# Piwikipedia

The number is a mathematical constant.

**ππ\piratio of a circle's circumference to its diameter3.14 (pi)3.1416circumference-to-diameter ratiopi come out evenTau Day**

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### Mathematical constant

**constantconstantsconstant number**

The number is a mathematical constant.

Constants arise in many areas of mathematics, with constants such as [[e (mathematical constant)|]] and [[pi|]] occurring in such diverse contexts as geometry, number theory, and calculus.

### Approximations of π

**Approximations of approximationapproximation of π**

Still, fractions such as 22/7 and other rational numbers are commonly used to approximate.

Approximations for the mathematical constant pi in the history of mathematics reached an accuracy within 0.04% of the true value before the beginning of the Common Era (Archimedes).

### Irrational number

**irrationalirrational numbersirrationality**

Being an irrational number, cannot be expressed as a common fraction (equivalently, its decimal representation never ends and never settles into a permanently repeating pattern).

Among irrational numbers are the ratio [[Pi|]] of a circle's circumference to its diameter, Euler's number e, the golden ratio φ, and the square root of two; in fact all square roots of natural numbers, other than of perfect squares, are irrational.

### Piphilology

**memorize the value of memorize the digitsPi World Ranking**

Attempts to memorize the value of with increasing precision have led to records of over 70,000 digits.

Piphilology comprises the creation and use of mnemonic techniques to remember a span of digits of the mathematical constant [[pi|]].

### Archimedes

**Archimedes of SyracuseArchimedeanArchimedes Heat Ray**

Around 250 BC the Greek mathematician Archimedes created an algorithm for calculating it. In the 5th century AD Chinese mathematics approximated to seven digits, while Indian mathematics made a five-digit approximation, both using geometrical techniques.

Other mathematical achievements include deriving an accurate approximation of pi, defining and investigating the spiral bearing his name, and creating a system using exponentiation for expressing very large numbers.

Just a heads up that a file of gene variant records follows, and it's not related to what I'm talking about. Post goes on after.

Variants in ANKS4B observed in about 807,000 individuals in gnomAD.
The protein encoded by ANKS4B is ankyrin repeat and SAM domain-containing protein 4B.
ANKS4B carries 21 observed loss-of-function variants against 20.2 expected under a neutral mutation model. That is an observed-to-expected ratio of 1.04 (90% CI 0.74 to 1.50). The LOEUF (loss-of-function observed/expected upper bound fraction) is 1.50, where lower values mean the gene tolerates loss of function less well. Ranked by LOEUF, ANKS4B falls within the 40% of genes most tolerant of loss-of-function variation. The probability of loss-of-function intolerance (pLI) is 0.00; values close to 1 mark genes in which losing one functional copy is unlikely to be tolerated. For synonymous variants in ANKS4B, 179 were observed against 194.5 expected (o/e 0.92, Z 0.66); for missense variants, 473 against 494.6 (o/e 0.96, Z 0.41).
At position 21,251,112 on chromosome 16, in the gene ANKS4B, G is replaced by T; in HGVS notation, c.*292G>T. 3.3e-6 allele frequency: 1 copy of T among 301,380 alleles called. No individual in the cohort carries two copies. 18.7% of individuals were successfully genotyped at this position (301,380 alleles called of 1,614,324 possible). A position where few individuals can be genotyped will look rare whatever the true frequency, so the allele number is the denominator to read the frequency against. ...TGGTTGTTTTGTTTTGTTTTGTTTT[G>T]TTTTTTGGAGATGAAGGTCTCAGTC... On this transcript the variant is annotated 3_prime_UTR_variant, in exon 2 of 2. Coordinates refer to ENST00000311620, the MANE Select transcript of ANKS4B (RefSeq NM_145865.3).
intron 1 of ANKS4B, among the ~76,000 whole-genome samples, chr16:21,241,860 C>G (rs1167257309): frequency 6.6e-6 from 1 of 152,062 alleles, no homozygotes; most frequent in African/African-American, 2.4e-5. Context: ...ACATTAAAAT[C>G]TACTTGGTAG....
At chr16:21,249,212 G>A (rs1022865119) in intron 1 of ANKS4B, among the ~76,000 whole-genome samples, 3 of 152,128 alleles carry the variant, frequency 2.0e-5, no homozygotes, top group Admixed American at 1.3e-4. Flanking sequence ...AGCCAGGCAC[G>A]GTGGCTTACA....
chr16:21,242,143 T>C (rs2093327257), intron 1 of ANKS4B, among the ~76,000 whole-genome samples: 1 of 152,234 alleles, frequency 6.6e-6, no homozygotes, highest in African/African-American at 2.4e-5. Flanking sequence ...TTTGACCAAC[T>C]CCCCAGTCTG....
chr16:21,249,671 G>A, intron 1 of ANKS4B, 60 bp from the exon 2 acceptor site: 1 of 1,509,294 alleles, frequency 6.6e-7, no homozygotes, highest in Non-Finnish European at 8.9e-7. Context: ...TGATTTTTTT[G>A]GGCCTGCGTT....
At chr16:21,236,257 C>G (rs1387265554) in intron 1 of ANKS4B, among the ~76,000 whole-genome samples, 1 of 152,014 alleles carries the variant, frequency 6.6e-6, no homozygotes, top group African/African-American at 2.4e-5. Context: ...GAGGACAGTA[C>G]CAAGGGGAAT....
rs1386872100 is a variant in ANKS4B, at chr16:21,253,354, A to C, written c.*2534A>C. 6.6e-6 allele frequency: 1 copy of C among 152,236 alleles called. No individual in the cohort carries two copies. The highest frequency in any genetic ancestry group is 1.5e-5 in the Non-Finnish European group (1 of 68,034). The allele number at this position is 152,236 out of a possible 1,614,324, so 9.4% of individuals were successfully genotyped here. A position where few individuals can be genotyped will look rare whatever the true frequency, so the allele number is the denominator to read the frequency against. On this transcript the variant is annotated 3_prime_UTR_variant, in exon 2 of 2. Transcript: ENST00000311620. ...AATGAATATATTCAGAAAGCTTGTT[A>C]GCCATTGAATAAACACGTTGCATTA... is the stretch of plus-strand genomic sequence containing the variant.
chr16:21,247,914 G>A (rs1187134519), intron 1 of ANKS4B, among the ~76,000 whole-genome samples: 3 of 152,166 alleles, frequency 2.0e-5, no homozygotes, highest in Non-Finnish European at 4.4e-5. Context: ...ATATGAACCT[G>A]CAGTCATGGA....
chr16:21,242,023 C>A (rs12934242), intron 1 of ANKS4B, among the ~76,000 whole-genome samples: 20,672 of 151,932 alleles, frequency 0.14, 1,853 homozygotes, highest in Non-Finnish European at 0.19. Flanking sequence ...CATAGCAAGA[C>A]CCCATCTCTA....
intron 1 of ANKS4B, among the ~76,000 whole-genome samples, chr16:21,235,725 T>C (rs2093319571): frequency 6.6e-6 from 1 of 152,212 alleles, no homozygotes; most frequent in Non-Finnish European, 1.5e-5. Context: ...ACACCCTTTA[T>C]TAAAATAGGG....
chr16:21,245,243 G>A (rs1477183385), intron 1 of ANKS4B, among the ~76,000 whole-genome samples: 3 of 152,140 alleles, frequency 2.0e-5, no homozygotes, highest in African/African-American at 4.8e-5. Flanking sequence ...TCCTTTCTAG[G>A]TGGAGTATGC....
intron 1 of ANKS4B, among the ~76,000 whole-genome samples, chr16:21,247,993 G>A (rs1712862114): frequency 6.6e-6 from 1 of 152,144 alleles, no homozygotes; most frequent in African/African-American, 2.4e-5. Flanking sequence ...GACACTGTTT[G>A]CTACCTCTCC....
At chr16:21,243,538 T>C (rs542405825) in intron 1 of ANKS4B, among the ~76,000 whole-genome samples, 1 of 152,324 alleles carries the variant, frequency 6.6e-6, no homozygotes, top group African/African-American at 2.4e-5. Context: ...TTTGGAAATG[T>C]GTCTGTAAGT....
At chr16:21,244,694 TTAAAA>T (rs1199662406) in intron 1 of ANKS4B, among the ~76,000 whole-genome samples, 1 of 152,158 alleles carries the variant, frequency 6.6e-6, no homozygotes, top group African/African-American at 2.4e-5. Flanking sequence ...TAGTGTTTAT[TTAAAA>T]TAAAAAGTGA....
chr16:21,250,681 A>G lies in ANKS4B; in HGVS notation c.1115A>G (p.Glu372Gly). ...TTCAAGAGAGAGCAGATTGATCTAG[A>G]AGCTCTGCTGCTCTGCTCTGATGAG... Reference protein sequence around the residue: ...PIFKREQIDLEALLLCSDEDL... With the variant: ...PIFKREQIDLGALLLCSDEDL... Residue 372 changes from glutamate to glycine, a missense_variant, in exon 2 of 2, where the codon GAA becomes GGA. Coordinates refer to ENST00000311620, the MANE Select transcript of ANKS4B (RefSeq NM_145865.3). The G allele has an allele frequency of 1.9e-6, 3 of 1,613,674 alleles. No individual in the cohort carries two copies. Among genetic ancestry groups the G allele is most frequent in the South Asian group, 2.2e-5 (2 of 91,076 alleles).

### Squaring the circle

**square the circlequadrature of the circlesquaring of the circle**

This transcendence of implies that it is impossible to solve the ancient challenge of squaring the circle with a compass and straightedge.

In 1882, the task was proven to be impossible, as a consequence of the Lindemann–Weierstrass theorem which proves that pi is a transcendental, rather than an algebraic irrational number; that is, it is not the root of any polynomial with rational coefficients.

### Real number

**realrealsreal-valued**

In more modern mathematical analysis, the number is instead defined using the spectral properties of the real number system, as an eigenvalue or a period, without any reference to geometry.

Included within the irrationals are the transcendental numbers, such as [[pi|]] (3.14159265...).

### Transcendental number

**transcendentaltranscendencetranscendentality**

Also, is a transcendental number; that is, it is not the root of any polynomial having rational coefficients. In 1882, German mathematician Ferdinand von Lindemann proved that is transcendental, confirming a conjecture made by both Legendre and Euler.

The best-known transcendental numbers are e''.

### Proof that π is irrational

**Proof that is irrational is irrationalproofs that is irrational**

There are several proofs that is irrational; they generally require calculus and rely on the reductio ad absurdum technique.

In the 1760's, Johann Heinrich Lambert proved that the number irrational: that is, it cannot be expressed as a fraction a/b, where a is an integer and b is a non-zero integer.

### Normal number

**normalabsolutely normal numberequidistributed**

In particular, the digit sequence of is conjectured to satisfy a specific kind of statistical randomness, but to date, no proof of this has been discovered. The digits of have no apparent pattern and have passed tests for statistical randomness, including tests for normality; a number of infinite length is called normal when all possible sequences of digits (of any given length) appear equally often.

It is widely believed that the (computable) numbers √2, e'' are normal, but a proof remains elusive.

### Statistical randomness

**randomrandom numbersstatistically random**

The digits of have no apparent pattern and have passed tests for statistical randomness, including tests for normality; a number of infinite length is called normal when all possible sequences of digits (of any given length) appear equally often.

A numeric sequence is said to be statistically random when it contains no recognizable patterns or regularities; sequences such as the results of an ideal dice roll or the digits of π exhibit statistical randomness.